Alexander Gilkes co-founded the online art auction site Paddle8 with entrepreneur Aditya Julka in 2011. The initial aim was to enable collectors to buy art through online gallery listings, rather than making them visit each gallery to see what was on offer. What Amazon did for books, Paddle 8 wanted to do for art. Eventually, Paddle8 added to its site previews of art fairs and, more important, auctions benefitting nonprofit organizations.
“It made complete sense for us to host those auctions on our platform,” Mr. Gilkes said of the charity-related events. “And that really became over the course of this year the key business for us.”
The Wall Street Journal: “The benefit auctions did so well, in fact, that Paddle8, just a year and a half old, has overhauled its business model and relaunched as a “virtual auction house” with a permanent philanthropic bent. From now on, the site will exclusively host “benefit auctions” (auctions tied to a specific nonprofit organization, often in advance of a live auction or benefit) and “themed auctions” (auctions curated by Paddle8, with a percentage of the proceeds going to a charitable beneficiary). It will also continue to partner with art fairs, like the annual Armory Show in New York. But gallery listings are out.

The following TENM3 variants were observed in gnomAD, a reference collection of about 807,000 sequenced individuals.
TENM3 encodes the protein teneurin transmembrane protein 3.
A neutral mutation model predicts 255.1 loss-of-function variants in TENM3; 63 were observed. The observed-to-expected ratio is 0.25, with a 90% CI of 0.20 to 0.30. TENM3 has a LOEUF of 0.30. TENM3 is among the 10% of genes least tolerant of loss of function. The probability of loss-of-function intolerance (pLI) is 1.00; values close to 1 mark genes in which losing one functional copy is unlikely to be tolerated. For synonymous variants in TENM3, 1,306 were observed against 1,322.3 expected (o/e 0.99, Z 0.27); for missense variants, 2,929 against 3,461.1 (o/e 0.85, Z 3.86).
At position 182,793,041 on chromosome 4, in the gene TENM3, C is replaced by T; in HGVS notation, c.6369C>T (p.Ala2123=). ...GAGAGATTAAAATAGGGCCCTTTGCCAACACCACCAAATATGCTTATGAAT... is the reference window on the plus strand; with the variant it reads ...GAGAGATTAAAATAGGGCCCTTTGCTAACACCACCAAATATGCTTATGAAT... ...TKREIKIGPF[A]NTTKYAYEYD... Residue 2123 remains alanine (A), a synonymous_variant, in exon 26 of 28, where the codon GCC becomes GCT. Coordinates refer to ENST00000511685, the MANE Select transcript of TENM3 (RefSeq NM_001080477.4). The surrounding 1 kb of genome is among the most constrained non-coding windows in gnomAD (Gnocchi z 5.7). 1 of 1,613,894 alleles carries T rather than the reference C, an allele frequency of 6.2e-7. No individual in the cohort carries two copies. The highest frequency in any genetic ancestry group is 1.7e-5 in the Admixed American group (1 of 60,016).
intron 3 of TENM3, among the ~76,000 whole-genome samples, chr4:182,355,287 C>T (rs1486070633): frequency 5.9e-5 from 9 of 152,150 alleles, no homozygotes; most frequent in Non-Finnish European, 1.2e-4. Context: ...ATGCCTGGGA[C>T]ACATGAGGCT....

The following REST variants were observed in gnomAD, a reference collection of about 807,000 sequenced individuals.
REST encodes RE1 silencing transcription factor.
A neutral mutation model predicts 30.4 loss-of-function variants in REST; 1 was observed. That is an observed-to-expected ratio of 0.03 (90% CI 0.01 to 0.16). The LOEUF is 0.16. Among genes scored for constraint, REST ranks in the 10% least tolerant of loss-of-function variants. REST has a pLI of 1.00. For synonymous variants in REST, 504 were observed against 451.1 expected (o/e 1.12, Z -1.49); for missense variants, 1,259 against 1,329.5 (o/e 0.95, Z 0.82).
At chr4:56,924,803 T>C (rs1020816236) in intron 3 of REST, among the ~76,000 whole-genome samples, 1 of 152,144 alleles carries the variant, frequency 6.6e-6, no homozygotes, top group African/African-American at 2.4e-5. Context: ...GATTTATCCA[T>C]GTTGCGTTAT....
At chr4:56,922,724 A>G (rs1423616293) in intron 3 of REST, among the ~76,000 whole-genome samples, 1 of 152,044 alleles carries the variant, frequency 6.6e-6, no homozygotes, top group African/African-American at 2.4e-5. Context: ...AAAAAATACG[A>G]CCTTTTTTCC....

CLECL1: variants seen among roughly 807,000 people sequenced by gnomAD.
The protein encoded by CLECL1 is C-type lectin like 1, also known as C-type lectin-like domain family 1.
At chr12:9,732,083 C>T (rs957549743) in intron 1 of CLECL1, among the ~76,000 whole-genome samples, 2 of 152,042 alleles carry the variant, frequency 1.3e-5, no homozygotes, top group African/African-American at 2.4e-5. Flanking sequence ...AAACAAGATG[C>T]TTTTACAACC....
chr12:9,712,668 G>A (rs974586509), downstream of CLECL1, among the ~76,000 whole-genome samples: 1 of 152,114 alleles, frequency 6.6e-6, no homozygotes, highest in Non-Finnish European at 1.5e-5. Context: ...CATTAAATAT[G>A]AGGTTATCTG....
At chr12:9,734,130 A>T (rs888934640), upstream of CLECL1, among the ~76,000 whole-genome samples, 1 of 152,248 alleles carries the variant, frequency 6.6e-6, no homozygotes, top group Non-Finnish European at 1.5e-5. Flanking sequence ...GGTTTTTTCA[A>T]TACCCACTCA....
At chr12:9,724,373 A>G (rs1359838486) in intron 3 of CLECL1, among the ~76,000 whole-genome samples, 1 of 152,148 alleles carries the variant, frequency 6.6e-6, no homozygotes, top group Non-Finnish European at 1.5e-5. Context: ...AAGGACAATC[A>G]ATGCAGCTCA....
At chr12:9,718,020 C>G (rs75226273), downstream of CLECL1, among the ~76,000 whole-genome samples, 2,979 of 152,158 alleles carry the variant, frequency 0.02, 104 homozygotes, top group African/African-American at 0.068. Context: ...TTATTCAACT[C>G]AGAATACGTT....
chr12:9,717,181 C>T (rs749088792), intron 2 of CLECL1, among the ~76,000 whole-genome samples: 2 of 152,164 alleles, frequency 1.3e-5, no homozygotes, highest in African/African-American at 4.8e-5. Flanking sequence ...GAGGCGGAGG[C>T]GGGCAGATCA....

“What we liked about [the charity auctions] was not only were you helping solve the main issue of access, but also there was a philanthropic element to it and we’re benefitting the community,” Mr. Gilkes said. “And those seem to be two key themes that are really pertinent in our day and age—the motivations of our generation.”
For the benefit auctions, Paddle8 charges a 5% vendor’s commission on fees (and starting next year, an additional 2% processing fee for clients who use supplementary auction services, like guest registration and shipping coordination), as well as a set-up fee of between $500 and $1,000, depending on the number of art works. For the themed auctions, there’s a 6% vendor’s commission and a 12% buyer’s premium. Traditionally, said Mr. Julka, auction houses charge between 20% and 25% for commission, plus a 20% to 25% premium.
Paddle8′s makeover was not sparked by a particular event, rather by observation over time. Though the company declined to disclose specific revenue numbers, Mr. Julka said that Paddle8′s auction sales proved to be more lucrative than sales through the gallery listings; the auctions had a set time frame that forced buyer action, and they often included better-known, brand-name artists. ”
Read on at The Wall Street Journal.
More at www.paddle8.com.